Why Your Goal Setting Process Is Broken And What To Do About It

Pia Silva, Contributor/Jan 3, 2018

Yes, this article is about goal setting. But rest assured I’m not repeating the same garbage you’ve already seen a million times this week.

Most people start goal setting by thinking about all the things they want to accomplish this year. Then, if you’re a seasoned goal setter, you probably write them down, and work backwards to create mini goals to make them actionable.

Many people fail to achieve their goals because they identify an outcome without also identifying the underlying motivation of that outcome. Without knowing your intentions, you make it too easy to sleep in instead of going to the gym, or let blogging fall by the wayside when more important things seem to come up (they always will).

Setting yourself up for a successful year means getting clear on what you’re really going for and why —before you make a list of what you want to achieve. If you’re committed to really achieving something big this year, give your goals the focus and time they need to thrive by laying a better, deeper groundwork first.

Dream Outside Your Normal Space

For the past four years, Steve and I have gone on a retreat to do our visioning for the new year. Some years, we are able to get away and do it in places like Tortola or Maui, while other years it’s a trip to our local coffee shop. Either way, we make a point to get out of our normal spaces to dream, plan, and strategize. For at least one full day. (Just putting the day aside is always goal #1!)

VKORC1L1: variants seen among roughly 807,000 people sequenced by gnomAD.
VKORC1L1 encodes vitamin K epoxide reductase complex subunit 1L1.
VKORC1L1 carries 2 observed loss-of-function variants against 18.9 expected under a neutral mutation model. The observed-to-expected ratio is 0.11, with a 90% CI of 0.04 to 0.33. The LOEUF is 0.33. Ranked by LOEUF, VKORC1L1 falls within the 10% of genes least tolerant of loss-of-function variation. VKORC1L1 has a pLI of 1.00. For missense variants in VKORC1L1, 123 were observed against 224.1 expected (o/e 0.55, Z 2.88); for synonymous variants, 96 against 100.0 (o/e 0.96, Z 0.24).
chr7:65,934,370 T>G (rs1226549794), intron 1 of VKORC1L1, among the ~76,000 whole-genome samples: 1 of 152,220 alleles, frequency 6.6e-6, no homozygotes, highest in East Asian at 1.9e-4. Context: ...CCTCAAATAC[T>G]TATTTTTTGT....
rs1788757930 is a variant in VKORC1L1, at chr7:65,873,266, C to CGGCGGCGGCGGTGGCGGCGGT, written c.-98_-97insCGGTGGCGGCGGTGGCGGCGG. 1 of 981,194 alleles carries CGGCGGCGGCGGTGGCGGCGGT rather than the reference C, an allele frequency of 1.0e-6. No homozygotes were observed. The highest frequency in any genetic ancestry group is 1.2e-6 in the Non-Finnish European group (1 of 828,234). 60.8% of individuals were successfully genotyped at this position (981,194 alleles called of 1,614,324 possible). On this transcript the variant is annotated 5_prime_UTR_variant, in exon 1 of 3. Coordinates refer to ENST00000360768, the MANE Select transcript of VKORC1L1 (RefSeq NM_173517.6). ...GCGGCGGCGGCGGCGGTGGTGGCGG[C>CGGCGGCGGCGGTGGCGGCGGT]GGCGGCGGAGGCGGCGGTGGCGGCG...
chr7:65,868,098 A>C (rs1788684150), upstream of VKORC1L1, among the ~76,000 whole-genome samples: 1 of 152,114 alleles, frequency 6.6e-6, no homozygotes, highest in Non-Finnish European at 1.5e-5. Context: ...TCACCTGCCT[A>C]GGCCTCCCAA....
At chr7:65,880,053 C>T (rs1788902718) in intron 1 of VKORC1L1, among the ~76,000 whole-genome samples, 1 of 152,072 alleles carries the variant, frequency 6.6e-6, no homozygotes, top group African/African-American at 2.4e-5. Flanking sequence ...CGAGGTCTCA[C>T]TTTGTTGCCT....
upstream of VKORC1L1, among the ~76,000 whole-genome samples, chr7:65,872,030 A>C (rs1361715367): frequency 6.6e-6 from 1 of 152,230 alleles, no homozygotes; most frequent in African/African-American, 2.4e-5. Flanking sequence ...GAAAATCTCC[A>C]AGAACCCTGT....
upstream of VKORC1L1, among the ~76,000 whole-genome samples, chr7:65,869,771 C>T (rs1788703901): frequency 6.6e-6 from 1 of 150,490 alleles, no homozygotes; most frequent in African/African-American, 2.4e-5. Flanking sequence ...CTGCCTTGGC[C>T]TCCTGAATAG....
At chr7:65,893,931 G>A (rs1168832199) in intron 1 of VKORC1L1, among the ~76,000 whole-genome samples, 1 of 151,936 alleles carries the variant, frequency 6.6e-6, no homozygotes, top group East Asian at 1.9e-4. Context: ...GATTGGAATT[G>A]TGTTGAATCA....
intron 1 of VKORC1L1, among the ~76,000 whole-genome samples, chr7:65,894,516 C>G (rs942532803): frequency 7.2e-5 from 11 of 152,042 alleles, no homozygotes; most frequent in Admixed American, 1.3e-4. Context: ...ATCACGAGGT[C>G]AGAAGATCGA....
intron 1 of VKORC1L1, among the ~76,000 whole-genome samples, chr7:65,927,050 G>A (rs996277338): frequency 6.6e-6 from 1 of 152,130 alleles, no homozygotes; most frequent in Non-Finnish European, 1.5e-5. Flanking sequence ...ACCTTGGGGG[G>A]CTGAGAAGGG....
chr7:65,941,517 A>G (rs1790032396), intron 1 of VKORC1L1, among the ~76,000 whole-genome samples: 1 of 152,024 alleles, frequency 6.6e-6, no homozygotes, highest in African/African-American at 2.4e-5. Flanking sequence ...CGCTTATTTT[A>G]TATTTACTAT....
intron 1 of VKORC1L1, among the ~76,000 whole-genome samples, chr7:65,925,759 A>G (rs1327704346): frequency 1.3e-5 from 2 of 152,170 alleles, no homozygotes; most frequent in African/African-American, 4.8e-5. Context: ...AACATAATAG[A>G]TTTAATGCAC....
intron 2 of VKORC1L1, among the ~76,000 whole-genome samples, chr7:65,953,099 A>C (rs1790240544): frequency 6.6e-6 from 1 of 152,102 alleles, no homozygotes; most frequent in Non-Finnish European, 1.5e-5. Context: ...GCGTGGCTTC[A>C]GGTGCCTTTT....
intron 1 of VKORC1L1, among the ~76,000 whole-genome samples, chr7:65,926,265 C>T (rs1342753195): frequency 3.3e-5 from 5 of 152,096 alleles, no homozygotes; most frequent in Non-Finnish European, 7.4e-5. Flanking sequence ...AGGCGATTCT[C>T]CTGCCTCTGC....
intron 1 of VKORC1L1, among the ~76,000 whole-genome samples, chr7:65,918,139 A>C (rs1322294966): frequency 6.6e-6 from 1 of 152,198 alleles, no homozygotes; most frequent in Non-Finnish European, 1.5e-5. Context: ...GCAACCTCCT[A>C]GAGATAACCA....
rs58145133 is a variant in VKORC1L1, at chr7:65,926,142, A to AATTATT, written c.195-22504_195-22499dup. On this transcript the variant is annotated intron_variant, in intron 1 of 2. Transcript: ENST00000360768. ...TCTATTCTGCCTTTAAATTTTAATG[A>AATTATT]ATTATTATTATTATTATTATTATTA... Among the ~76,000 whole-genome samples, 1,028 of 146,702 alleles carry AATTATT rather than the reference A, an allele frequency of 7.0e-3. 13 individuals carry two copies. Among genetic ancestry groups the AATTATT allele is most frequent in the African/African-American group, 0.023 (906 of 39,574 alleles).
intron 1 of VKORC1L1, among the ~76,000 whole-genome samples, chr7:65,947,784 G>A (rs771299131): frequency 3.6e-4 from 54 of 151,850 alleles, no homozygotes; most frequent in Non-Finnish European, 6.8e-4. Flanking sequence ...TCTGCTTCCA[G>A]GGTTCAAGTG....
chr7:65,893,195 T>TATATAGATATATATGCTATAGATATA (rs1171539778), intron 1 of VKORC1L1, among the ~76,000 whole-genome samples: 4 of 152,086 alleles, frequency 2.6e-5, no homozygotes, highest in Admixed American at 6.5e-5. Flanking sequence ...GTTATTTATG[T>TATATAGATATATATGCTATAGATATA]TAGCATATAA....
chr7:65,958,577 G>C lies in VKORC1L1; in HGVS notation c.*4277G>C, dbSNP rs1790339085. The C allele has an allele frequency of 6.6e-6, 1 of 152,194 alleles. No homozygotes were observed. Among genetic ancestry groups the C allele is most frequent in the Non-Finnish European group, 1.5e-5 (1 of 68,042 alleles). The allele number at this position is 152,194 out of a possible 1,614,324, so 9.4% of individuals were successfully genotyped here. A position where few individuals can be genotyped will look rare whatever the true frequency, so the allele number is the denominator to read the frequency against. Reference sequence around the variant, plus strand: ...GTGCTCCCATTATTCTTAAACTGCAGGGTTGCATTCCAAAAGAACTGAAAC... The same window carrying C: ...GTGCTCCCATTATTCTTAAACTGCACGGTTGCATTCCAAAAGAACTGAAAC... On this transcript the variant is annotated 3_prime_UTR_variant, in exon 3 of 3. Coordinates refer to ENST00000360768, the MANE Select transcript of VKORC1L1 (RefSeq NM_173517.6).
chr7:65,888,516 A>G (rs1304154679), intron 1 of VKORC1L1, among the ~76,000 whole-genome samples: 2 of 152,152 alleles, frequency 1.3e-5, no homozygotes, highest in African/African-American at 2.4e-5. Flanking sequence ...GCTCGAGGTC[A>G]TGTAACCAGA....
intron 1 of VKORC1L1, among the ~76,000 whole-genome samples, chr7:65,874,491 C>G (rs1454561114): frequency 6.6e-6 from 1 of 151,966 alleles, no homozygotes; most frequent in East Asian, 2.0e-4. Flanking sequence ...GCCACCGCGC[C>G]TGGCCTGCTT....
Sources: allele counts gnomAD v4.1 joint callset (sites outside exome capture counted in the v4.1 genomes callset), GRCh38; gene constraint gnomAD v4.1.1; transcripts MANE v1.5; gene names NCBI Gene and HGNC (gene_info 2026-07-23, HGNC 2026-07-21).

When we did this in Hawaii we had no electricity; just moleskines and books. Since we were without distraction, we were naturally focused and inspired to dream big, and we came up with all kinds of new ideas for our businesses and our lives that hadn’t been on our radar previously. Years later, many of the big goals we set on that trip are in place today, though they look at lot different.

That’s the year we reread Rich Dad, Poor Dad and decided we needed an income-producing asset. Since we couldn’t afford real estate, as he suggests, we brainstormed other opportunities that would utilize our most valuable asset: our experience. Though it took a full year and a half to actually start producing income from it, we were able to build an online course.

Creating an online course (the passive income so many desire) is a long and arduous road I’ve talked about before I’m pretty sure we would have quit before our course produced results given how much time and money it took to make it work. But I had laid the groundwork to create something that went beyond “passive income.” I wanted to be able to free up a specific amount of time so I could write a book and use it to build a community of like-minded entrepreneurs. That goal dwarfed the money spent. Instead of thousands of dollars down the drain it was a clear investment into a future payout, one I was not willing to give up on.